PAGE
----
In the name of efficiency, a huge volume of public records in St. Paul have gone poof.
The mass purge in August of 40 percent of the city’s e-mails, first reported last month by Minnesota Public Radio, follows more than a year of careful planning that included at least 11 committee meetings, training sessions and a goofball video to get employees in the e-mail-deleting spirit.
The objective: productivity at City Hall.
“E-mail eats time like nobody’s business,” said Angela Nalezny, the city’s human resources director, and the point person on the great e-mail clean-out. St. Paul now deletes e-mails after six months, instead of three years, for any message that employees haven’t taken action to preserve.
Most of us would wish we could zap 99 percent of our e-mails in one fell swoop.
But it means something different when the government does it. Especially when those e-mails could shed light on something they don’t want us to know.
That’s what concerns John Mannillo, who’s with a new group, St. Paul STRONG, that’s agitating for more openness in city government. Mannillo, who said he has been involved in litigation against the city in which embarrassing details emerged via the release of employee e-mails, thinks the city’s new policy has nothing to do with efficiency. “It’s a matter of what they don’t want to be out there,” he said.
The six-month retention period is far too short, in Mannillo’s view. “It takes that long for these things to percolate enough for people to even want to look at them,” he said.
Indeed, a March 2014 e-mail from a city official to the state IT department describes the goal as “to archive the least amount of mail possible.”
The city’s April 2015 draft of a PowerPoint describes one justification for its new policy: “Saving everything increases the burden on City staff: When the City receives a ‘data request,’ staff must produce ALL records that respond to that request. The more e-mail that is available, the bigger the job of searching for e-mails that respond to a specific request.”
A comment at the bottom of the slide acknowledges that this justification for deleting e-mails “may present a target for criticism from information seekers.”
That’s an understatement. It doesn’t sound good to have a policy of destroying public records so you can spend less time giving them to people who want them.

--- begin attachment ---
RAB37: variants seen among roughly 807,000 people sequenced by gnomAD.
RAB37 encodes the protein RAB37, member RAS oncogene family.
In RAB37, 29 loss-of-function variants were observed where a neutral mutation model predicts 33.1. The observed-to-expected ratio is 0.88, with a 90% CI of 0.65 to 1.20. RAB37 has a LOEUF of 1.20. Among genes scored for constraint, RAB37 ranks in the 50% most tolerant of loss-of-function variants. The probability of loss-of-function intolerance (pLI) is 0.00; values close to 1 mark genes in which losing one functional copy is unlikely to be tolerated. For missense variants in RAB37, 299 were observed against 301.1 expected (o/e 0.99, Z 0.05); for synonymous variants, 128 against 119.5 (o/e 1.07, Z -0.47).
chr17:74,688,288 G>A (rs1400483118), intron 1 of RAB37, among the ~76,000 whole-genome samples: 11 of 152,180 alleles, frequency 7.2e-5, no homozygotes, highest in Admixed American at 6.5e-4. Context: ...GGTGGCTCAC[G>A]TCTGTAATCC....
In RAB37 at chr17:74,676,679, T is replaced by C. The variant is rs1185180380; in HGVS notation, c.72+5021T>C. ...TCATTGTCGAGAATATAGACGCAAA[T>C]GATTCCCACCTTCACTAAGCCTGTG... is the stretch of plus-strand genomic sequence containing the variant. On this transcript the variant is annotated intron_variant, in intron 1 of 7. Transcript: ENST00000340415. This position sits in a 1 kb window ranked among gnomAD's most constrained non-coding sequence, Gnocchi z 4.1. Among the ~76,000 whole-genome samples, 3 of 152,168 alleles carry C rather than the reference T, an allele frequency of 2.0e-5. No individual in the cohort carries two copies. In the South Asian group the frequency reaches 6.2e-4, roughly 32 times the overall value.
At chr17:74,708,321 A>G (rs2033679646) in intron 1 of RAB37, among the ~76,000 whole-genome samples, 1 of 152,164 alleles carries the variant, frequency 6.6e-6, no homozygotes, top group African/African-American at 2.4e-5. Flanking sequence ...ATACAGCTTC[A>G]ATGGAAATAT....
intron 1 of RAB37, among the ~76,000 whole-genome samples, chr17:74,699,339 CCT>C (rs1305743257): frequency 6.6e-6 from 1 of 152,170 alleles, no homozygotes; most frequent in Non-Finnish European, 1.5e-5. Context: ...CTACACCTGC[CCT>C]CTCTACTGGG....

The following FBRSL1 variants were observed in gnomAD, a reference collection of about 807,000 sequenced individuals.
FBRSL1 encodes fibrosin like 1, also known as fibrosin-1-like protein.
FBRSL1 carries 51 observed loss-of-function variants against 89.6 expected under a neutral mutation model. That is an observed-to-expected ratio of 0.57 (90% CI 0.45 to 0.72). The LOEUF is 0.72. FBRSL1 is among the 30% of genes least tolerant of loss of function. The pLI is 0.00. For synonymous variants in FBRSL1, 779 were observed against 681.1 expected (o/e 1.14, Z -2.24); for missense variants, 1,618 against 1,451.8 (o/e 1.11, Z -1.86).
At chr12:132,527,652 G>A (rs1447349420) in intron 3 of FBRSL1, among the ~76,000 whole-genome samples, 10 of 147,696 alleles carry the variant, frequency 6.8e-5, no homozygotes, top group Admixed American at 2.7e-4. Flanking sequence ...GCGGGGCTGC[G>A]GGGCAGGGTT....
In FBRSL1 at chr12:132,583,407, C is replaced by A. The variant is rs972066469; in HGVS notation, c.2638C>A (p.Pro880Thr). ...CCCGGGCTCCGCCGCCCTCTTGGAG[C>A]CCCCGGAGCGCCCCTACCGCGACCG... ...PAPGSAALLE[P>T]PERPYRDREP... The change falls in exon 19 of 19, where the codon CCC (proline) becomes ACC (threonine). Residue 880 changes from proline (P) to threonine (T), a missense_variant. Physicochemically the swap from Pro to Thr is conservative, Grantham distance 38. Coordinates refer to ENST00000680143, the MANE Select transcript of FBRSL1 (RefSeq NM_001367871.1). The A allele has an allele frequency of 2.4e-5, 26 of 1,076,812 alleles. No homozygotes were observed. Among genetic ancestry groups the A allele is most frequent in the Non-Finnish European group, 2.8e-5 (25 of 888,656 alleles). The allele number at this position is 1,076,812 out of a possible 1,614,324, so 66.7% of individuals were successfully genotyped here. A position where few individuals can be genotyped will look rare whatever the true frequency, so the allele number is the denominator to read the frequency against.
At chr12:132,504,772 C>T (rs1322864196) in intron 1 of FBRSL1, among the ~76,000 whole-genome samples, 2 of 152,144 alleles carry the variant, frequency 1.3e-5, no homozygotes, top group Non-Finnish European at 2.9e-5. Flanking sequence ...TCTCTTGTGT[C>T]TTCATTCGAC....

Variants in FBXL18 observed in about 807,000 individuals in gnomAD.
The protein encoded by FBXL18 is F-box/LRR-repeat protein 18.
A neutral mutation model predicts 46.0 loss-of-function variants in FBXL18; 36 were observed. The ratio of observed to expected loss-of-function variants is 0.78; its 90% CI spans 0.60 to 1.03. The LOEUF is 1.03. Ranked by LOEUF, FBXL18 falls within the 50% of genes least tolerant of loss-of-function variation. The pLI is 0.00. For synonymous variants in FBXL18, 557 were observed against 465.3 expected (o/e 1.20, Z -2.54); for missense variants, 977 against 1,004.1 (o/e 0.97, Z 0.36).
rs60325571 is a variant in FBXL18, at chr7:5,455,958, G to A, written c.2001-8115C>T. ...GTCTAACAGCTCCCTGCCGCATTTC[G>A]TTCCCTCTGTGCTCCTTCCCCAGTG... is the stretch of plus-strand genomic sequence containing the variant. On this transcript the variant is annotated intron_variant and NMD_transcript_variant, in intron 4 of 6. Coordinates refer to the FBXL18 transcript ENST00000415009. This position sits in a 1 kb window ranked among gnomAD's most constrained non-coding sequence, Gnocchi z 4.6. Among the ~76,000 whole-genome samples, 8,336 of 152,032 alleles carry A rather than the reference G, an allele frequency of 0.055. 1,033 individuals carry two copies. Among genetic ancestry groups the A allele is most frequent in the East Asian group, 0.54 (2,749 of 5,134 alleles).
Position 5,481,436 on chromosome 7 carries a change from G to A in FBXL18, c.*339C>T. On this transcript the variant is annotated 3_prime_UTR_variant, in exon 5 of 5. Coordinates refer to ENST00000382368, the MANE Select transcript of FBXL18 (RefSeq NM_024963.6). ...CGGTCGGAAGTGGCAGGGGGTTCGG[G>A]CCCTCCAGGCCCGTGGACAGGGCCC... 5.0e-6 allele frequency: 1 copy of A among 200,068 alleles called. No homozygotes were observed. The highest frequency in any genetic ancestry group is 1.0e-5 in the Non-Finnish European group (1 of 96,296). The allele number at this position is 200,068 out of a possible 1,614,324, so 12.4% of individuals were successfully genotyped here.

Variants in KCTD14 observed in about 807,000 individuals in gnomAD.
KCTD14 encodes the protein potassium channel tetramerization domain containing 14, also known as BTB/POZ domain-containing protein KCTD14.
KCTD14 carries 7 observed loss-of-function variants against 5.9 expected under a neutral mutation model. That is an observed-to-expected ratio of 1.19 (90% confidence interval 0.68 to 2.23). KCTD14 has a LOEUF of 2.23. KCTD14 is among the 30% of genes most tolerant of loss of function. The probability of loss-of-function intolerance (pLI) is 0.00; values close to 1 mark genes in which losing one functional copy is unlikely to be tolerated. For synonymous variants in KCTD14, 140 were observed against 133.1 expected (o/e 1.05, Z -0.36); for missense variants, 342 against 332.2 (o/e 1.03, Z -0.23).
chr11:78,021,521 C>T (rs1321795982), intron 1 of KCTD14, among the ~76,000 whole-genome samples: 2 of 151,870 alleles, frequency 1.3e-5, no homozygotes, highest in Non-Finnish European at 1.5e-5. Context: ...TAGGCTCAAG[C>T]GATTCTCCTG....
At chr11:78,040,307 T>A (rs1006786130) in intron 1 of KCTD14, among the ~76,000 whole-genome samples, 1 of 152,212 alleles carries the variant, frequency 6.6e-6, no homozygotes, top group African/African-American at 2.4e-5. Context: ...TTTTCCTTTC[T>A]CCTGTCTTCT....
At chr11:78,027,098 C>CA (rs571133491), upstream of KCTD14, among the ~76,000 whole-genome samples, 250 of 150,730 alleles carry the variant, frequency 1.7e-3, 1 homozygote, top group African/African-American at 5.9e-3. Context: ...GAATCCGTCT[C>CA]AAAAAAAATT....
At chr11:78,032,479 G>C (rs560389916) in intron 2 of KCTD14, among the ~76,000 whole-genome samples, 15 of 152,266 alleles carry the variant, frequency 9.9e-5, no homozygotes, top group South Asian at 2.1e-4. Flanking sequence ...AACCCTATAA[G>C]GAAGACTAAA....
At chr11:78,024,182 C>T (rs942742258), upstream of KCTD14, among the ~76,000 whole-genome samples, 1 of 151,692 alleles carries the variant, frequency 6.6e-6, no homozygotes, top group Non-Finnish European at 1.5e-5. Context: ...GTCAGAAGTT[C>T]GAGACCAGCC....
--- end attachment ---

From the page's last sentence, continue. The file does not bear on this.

In the final version of the PowerPoint, the city no longer argues that the hassle of record requests is a justification for getting rid of them.
Nalezny said the city is committed to complying with data requests in a timely manner, which is harder if there are mountains of irrelevant data to sort through.
The point of all this, in her view, is to get the important stuff out of e-mail, and into an electronic filing cabinet for “official records,” which the city is required to keep.
But the policy leaves wide discretion for employees to decide what should be kept, and what should be trashed. In the category of “transitory messages,” the city offers this example: “an e-mail that relates to a contract negotiation. … Once the contract is finalized, the e-mail can be deleted, because it has completed its useful life.”
If the city initially drove a hard bargain with a contractor, and then buckled under pressure, shouldn’t citizens know about it?
Any lawyer, journalist or investigator would tell you that drafts, notes and internal e-mails are critical to understanding how decisions are made. Those kinds of records are nearly always public under Minnesota law, but agencies aren’t required to keep them forever.
It’s important to point out that St. Paul isn’t unique in Minnesota in requiring the preservation only of e-mails considered “official records.” That’s been the policy of the governor’s office through the Pawlenty and Dayton administrations.
Unfortunately, the “official records” almost never tell you what’s really going on.
Contact James Eli Shiffer at email@example.com or 612-673-4116.